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For better or Wurst: a primer on the German sausage

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Few foods are as iconic of their home country as the German sausage (Wurst). Part of the national cuisine since the Middle Ages, sausages are taken seriously in their home nation. Yes, you’ll find Germans guzzling them down with a dollop of mustard as fast food – a tradition exported by nineteenth-century émigrés to give the world the hot dog – but Michelin critics also list Wurst kitchens in Bavaria. All Würste feature pork (and sometimes beef or veal), spices and peppercorns. What makes each distinctive are the herbs and spices. Aficionados say there are around a thousand regional varieties to sample. Good luck.

Blutwurst “Blood sausage” – black pudding. Eaten sliced and cold or fried.

Bockwurst A popular variety that is more fine veal than fine pork. Resembles a chubby frankfurter and is heated in liquid. Traditionally served with Bock beer in spring.

Bratwurst The common or garden sausage served countrywide. Varies by region – Bavaria’s are finger-sized, Thuringia’s are long and thin, for example – but usually made of finely minced pork and marjoram.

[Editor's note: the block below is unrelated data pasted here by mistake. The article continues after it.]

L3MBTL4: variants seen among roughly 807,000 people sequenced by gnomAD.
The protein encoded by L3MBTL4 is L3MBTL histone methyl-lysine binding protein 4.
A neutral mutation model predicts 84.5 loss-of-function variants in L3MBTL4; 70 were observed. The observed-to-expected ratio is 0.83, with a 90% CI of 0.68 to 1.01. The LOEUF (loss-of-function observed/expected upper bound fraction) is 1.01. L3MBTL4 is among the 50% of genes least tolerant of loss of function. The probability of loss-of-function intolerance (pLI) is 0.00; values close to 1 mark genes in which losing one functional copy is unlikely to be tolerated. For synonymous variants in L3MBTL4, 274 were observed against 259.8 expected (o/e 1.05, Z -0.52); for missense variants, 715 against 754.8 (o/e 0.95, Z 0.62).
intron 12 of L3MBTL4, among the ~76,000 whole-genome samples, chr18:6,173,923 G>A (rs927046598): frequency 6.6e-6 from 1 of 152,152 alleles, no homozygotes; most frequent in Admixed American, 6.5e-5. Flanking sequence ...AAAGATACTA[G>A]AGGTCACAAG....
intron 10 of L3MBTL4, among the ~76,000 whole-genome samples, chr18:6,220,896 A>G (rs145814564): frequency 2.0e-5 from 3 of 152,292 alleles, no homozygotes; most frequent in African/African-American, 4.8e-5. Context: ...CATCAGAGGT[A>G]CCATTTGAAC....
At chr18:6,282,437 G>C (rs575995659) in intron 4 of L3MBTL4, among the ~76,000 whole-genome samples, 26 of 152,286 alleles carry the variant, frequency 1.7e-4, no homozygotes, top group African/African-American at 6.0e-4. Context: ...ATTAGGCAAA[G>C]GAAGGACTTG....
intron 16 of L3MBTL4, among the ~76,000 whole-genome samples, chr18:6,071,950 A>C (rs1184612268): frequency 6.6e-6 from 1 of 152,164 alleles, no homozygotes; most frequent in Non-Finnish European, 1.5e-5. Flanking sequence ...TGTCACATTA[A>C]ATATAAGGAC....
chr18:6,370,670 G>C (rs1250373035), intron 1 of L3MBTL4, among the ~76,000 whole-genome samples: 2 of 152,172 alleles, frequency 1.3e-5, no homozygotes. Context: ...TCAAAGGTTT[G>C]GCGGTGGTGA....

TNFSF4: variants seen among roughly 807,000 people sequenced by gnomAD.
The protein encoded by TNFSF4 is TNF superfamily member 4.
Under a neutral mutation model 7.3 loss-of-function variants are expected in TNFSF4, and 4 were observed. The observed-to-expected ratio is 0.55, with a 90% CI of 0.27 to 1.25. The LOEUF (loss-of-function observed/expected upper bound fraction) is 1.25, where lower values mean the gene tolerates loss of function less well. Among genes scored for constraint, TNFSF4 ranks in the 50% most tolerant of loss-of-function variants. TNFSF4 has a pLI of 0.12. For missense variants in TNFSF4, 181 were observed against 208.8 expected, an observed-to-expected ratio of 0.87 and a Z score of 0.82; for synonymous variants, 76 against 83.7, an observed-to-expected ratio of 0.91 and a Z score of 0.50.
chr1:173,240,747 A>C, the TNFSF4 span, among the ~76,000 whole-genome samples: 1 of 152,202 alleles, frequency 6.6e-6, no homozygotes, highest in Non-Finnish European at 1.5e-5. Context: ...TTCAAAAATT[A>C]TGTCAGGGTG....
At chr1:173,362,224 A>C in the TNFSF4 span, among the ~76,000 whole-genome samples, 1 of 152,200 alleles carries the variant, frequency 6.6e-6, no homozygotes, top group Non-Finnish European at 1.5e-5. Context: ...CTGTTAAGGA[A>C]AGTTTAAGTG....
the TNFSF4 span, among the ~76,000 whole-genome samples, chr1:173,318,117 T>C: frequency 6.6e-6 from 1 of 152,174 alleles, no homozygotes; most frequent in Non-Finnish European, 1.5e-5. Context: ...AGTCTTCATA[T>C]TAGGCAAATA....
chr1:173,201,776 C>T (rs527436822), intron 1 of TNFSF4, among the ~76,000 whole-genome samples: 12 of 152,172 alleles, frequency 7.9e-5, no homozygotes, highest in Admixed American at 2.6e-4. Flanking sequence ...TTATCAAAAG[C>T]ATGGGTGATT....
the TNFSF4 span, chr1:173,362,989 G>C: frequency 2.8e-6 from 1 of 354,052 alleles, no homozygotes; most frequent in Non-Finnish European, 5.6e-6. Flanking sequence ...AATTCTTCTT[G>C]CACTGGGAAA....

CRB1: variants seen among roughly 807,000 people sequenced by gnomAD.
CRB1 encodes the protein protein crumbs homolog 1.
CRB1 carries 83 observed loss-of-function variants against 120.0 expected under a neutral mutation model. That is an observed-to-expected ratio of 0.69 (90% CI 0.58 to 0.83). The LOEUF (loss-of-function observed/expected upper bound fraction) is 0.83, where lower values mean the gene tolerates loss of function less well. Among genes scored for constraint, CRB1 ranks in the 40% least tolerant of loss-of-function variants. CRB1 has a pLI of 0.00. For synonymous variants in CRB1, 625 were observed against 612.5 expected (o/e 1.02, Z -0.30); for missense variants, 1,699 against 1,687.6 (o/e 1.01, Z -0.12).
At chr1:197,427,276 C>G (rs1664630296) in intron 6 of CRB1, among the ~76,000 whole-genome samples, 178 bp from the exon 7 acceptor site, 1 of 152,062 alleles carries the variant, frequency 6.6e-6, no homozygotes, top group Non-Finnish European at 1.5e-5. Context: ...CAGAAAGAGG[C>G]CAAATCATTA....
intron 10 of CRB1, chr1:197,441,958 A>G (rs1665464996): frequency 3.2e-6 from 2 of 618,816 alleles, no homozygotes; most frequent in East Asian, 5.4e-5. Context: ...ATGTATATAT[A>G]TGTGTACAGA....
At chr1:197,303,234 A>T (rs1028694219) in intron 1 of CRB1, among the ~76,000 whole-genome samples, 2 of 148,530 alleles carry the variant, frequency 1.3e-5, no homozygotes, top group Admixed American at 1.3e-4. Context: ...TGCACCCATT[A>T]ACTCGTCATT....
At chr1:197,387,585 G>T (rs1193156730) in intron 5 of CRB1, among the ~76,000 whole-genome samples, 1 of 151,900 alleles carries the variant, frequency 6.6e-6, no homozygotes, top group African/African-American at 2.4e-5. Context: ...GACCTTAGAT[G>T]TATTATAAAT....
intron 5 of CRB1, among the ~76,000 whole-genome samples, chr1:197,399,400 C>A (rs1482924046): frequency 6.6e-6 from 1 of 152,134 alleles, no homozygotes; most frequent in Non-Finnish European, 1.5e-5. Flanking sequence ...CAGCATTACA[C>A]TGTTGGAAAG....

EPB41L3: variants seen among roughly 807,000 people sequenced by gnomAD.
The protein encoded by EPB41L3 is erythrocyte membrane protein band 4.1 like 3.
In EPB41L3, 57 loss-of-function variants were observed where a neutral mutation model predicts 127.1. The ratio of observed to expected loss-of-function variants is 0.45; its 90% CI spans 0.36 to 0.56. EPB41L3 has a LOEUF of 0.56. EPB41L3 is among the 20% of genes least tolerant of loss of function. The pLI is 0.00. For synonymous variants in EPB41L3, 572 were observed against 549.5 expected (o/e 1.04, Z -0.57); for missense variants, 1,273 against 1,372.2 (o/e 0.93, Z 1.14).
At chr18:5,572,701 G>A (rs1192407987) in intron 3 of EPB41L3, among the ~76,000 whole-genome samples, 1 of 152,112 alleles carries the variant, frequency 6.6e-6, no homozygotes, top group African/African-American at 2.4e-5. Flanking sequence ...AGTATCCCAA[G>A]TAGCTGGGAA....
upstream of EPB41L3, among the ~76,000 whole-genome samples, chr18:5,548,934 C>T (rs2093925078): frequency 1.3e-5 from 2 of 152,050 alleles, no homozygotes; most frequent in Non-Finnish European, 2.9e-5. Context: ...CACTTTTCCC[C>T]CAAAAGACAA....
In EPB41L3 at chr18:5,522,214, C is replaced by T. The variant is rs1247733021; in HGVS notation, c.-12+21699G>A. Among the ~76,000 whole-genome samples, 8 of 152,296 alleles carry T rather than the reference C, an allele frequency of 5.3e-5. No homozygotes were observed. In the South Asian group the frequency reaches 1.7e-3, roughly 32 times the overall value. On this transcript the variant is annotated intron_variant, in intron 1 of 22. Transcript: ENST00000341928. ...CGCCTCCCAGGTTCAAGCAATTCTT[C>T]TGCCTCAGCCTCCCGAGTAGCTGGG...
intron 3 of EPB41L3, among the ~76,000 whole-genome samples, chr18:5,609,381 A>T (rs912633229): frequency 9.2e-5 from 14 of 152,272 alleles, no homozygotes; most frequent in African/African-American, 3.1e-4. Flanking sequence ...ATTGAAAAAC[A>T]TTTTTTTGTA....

Braunschweiger Smoked liver sausage (Leberwurst) enriched with eggs and milk, so it is spreadable.

Currywurst A Berlin icon invented, they say, in 1949 by a bored Imbiss stall-holder. Basically a Wiener sliced, smothered in ketchup, then dusted with curry powder.

Frankfurter Not the same as the American variety, this contains fine, lean pork with a little salted bacon. Smoked then reheated in liquid.

Knockwurst (or Knackwurst) Short, plump, smoked sausage of finely minced lean pork, beef, spices and garlic. Typically poached or grilled then served with Sauerkraut.

Thüringer Rotwurst Speciality low-fat black sausage from Thuringia afforded protected geographical status under EU law.

Weisswurst Munich’s “White sausage”, so called for its being made of veal and fresh bacon. Flavoured with parsley, mace and cardamom, it is traditionally prepared before breakfast and eaten before lunch.

Wienerwurst Thought to be the source of the American frankfurter. Pork and beef flavoured with coriander and garlic, grilled or fried.

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